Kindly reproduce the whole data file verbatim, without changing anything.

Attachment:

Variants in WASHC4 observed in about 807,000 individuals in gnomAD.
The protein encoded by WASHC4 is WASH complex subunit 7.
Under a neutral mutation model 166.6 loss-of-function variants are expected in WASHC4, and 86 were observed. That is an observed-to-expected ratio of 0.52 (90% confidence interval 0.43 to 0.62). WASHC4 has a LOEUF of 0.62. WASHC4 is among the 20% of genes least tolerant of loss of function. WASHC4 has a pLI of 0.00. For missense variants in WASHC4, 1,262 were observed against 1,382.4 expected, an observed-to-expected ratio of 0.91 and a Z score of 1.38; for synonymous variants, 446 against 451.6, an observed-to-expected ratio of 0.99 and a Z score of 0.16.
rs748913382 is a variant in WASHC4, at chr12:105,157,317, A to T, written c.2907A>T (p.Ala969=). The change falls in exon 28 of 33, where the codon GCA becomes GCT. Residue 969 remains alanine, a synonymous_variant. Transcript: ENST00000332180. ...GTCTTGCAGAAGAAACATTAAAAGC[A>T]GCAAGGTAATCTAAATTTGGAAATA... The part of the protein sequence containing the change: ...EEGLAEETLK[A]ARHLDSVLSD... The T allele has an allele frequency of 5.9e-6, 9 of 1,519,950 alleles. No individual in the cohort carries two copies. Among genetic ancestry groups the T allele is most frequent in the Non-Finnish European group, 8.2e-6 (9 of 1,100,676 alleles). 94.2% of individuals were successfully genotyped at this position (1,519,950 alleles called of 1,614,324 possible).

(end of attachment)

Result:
Variants in WASHC4 observed in about 807,000 individuals in gnomAD.
The protein encoded by WASHC4 is WASH complex subunit 7.
Under a neutral mutation model 166.6 loss-of-function variants are expected in WASHC4, and 86 were observed. That is an observed-to-expected ratio of 0.52 (90% confidence interval 0.43 to 0.62). WASHC4 has a LOEUF of 0.62. WASHC4 is among the 20% of genes least tolerant of loss of function. WASHC4 has a pLI of 0.00. For missense variants in WASHC4, 1,262 were observed against 1,382.4 expected, an observed-to-expected ratio of 0.91 and a Z score of 1.38; for synonymous variants, 446 against 451.6, an observed-to-expected ratio of 0.99 and a Z score of 0.16.
rs748913382 is a variant in WASHC4, at chr12:105,157,317, A to T, written c.2907A>T (p.Ala969=). The change falls in exon 28 of 33, where the codon GCA becomes GCT. Residue 969 remains alanine, a synonymous_variant. Transcript: ENST00000332180. ...GTCTTGCAGAAGAAACATTAAAAGC[A>T]GCAAGGTAATCTAAATTTGGAAATA... The part of the protein sequence containing the change: ...EEGLAEETLK[A]ARHLDSVLSD... The T allele has an allele frequency of 5.9e-6, 9 of 1,519,950 alleles. No individual in the cohort carries two copies. Among genetic ancestry groups the T allele is most frequent in the Non-Finnish European group, 8.2e-6 (9 of 1,100,676 alleles). 94.2% of individuals were successfully genotyped at this position (1,519,950 alleles called of 1,614,324 possible).